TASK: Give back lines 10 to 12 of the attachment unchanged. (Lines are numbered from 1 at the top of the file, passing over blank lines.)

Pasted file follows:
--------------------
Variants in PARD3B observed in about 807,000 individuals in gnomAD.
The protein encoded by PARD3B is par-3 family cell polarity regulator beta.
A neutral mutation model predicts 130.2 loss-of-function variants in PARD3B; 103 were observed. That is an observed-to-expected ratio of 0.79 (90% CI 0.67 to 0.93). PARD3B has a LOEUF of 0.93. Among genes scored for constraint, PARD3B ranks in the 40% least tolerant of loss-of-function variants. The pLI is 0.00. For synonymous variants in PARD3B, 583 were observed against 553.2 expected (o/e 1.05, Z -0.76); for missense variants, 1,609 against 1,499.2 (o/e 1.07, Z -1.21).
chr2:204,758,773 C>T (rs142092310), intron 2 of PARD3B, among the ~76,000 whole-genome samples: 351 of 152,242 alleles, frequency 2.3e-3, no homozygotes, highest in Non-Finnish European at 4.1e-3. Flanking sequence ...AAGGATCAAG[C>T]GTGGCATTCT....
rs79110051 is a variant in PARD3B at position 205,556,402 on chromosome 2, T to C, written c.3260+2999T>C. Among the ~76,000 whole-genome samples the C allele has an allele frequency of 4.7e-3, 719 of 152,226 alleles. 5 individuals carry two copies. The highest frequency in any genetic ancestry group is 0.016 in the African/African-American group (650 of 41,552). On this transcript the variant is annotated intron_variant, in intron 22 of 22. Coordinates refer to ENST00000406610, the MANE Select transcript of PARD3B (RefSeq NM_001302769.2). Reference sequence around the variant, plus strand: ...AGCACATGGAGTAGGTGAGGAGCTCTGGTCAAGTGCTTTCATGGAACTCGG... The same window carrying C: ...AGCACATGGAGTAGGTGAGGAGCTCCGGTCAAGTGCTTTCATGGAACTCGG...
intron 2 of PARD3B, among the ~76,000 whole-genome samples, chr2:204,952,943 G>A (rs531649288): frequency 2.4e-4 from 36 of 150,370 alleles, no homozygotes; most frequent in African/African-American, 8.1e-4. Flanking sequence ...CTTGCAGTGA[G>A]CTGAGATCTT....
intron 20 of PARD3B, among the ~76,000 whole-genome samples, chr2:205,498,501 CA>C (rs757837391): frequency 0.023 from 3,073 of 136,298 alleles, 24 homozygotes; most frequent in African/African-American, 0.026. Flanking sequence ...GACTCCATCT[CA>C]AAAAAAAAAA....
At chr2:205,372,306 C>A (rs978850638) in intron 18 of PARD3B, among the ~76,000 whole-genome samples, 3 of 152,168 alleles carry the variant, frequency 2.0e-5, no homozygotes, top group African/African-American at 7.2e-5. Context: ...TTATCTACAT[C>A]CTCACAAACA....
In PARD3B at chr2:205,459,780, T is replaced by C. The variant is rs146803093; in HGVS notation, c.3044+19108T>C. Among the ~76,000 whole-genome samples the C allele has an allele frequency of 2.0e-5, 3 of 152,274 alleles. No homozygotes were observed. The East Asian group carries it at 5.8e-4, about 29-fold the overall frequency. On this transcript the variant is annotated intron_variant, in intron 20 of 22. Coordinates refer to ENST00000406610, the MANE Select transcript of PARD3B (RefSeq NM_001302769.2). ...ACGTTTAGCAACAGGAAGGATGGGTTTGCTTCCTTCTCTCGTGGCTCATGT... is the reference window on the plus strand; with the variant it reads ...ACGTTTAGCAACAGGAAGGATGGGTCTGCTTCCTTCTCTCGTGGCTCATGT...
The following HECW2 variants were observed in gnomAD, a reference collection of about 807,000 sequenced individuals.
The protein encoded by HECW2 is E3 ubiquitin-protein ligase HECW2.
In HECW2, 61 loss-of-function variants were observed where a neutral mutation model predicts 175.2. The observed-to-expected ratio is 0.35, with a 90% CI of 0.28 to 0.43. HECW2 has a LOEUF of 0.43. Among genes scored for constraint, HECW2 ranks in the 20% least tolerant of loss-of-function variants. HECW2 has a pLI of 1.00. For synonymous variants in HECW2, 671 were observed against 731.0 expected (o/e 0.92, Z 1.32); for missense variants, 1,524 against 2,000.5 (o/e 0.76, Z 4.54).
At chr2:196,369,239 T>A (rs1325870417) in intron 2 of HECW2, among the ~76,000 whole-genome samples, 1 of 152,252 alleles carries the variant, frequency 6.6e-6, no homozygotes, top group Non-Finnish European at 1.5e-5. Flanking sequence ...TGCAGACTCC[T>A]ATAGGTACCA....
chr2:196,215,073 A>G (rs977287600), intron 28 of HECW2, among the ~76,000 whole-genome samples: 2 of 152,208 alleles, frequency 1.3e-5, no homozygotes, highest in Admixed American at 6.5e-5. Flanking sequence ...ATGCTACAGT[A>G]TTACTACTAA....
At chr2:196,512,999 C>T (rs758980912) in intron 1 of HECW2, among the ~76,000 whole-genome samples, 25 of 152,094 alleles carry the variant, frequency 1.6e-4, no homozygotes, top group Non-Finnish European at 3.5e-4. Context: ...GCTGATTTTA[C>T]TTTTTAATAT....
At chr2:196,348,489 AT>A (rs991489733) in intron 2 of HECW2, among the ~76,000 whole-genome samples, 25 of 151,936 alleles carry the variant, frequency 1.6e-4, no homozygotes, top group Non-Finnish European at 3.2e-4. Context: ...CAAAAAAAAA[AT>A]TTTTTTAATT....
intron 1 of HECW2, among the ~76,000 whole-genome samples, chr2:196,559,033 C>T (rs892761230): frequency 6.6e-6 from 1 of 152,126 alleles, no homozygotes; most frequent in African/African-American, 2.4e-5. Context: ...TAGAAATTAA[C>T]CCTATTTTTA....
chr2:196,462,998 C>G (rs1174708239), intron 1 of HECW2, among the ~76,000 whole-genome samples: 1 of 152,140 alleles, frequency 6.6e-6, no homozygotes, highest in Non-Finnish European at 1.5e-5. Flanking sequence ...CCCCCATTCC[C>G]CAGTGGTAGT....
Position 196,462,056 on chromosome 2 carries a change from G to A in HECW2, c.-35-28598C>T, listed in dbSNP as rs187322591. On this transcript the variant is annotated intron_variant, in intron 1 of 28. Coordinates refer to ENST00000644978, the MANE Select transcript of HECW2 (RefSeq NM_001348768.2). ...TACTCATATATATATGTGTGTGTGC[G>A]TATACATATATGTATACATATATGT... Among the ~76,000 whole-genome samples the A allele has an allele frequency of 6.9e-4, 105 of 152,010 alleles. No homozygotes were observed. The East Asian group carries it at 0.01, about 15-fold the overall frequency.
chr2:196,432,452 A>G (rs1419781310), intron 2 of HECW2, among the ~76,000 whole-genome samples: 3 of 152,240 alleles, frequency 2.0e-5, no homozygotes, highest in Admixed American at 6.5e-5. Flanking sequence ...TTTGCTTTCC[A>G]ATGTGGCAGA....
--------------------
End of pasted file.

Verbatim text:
The following HECW2 variants were observed in gnomAD, a reference collection of about 807,000 sequenced individuals.
The protein encoded by HECW2 is E3 ubiquitin-protein ligase HECW2.
In HECW2, 61 loss-of-function variants were observed where a neutral mutation model predicts 175.2. The observed-to-expected ratio is 0.35, with a 90% CI of 0.28 to 0.43. HECW2 has a LOEUF of 0.43. Among genes scored for constraint, HECW2 ranks in the 20% least tolerant of loss-of-function variants. HECW2 has a pLI of 1.00. For synonymous variants in HECW2, 671 were observed against 731.0 expected (o/e 0.92, Z 1.32); for missense variants, 1,524 against 2,000.5 (o/e 0.76, Z 4.54).